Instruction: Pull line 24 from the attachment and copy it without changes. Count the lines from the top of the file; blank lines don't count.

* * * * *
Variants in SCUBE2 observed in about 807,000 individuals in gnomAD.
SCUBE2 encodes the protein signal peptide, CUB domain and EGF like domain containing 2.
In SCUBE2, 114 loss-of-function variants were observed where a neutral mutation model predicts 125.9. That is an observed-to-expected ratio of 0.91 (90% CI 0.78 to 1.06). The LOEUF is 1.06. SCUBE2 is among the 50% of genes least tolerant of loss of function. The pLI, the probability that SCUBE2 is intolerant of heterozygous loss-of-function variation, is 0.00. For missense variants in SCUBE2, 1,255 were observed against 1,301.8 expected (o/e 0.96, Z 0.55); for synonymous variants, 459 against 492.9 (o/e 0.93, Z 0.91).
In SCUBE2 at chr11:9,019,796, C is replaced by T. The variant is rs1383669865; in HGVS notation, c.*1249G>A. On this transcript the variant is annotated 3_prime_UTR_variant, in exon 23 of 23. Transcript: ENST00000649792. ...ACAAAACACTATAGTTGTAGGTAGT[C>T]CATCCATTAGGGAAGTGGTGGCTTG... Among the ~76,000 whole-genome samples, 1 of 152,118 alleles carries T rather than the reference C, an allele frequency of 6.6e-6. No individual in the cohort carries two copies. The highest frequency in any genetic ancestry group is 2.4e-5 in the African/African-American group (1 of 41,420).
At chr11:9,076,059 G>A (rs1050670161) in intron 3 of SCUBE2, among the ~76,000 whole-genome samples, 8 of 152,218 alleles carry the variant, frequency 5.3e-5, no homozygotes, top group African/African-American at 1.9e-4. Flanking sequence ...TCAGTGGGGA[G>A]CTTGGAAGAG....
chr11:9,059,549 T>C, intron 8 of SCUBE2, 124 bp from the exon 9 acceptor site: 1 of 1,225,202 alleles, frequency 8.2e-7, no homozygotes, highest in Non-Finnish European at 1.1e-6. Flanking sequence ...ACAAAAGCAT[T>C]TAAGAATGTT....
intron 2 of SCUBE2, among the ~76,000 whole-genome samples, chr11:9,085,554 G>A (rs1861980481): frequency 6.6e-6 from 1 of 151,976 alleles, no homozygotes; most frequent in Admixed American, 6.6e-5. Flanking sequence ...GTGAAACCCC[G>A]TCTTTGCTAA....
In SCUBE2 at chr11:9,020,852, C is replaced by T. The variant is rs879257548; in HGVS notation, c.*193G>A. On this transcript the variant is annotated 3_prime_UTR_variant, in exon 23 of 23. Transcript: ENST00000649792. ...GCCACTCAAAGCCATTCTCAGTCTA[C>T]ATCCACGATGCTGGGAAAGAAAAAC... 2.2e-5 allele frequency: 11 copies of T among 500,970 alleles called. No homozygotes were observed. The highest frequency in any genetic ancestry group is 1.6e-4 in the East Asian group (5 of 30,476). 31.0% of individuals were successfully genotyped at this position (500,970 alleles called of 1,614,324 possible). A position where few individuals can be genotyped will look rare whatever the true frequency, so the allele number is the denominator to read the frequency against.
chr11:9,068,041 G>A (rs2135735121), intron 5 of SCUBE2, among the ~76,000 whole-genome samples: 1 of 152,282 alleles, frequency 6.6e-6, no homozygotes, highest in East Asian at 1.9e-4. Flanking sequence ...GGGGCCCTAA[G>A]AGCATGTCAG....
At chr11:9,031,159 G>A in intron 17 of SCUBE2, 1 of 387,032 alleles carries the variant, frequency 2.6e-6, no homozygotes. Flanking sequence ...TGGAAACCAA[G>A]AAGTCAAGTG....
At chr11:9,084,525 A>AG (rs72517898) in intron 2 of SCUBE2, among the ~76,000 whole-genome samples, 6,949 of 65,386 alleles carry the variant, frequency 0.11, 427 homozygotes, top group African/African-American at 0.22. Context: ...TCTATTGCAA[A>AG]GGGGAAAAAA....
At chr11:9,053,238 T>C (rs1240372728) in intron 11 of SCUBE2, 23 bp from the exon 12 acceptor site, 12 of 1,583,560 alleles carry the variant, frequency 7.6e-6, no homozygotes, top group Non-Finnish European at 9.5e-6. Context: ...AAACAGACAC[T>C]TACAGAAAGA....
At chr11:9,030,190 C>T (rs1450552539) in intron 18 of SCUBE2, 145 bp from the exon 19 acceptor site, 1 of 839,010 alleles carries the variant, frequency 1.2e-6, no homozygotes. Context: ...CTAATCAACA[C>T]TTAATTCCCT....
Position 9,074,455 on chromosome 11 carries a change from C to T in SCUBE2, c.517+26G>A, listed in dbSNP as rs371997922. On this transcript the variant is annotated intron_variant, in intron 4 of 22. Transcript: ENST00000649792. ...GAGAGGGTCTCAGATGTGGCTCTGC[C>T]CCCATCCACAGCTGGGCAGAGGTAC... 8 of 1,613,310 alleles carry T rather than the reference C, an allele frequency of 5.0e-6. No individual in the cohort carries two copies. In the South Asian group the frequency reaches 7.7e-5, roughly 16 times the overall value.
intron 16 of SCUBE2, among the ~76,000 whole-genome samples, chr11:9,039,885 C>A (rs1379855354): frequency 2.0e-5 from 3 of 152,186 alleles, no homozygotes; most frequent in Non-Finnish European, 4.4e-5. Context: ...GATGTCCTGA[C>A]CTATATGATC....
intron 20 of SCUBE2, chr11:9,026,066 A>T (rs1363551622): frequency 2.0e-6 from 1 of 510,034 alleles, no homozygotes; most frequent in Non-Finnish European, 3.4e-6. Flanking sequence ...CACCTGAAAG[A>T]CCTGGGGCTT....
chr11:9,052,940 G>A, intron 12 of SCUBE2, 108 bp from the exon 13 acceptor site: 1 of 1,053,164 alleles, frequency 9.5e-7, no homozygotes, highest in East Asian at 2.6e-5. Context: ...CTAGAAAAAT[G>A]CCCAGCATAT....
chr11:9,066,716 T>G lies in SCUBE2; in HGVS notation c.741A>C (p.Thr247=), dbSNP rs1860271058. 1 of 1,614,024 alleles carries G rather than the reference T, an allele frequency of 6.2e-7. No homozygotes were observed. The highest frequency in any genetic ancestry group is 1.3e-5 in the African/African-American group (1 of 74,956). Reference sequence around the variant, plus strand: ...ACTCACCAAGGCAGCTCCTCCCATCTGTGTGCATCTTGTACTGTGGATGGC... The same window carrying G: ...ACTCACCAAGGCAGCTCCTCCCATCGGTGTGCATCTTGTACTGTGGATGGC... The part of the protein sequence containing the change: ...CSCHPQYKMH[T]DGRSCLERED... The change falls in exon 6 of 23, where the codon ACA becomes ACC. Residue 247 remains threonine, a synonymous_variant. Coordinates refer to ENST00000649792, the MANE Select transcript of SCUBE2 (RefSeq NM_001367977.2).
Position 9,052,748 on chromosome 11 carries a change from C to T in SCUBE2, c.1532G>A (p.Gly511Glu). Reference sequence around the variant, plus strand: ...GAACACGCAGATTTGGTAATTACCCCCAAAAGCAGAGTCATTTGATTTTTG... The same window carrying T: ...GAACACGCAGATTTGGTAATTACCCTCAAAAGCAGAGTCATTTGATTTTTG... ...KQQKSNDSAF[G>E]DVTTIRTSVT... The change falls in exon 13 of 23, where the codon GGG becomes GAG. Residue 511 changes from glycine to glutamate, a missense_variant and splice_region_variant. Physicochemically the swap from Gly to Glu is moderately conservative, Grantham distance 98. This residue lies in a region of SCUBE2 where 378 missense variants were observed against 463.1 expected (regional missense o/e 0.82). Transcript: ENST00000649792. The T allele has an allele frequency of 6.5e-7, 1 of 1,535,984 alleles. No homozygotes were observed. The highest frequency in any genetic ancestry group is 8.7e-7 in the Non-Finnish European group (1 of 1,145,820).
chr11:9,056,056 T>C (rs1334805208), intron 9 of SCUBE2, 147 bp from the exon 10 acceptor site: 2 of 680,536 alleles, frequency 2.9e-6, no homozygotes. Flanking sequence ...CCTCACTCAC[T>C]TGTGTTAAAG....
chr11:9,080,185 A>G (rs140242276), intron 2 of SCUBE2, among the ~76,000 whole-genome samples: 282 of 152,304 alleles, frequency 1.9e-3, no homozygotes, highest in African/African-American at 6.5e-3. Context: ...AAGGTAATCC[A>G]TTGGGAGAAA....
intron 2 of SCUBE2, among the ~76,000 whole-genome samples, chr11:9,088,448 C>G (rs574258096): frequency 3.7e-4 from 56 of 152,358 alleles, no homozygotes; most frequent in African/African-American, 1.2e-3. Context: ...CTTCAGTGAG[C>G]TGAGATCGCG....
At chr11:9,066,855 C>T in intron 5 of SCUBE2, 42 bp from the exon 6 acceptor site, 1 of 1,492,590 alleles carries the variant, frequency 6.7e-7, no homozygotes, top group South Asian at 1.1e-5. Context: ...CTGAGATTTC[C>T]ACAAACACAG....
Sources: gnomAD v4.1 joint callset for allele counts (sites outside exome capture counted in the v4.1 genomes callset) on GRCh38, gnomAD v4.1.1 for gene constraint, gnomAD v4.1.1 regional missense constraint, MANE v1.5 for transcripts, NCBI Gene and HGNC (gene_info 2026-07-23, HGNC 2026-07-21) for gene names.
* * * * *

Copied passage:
Sources: gnomAD v4.1 joint callset for allele counts (sites outside exome capture counted in the v4.1 genomes callset) on GRCh38, gnomAD v4.1.1 for gene constraint, gnomAD v4.1.1 regional missense constraint, MANE v1.5 for transcripts, NCBI Gene and HGNC (gene_info 2026-07-23, HGNC 2026-07-21) for gene names.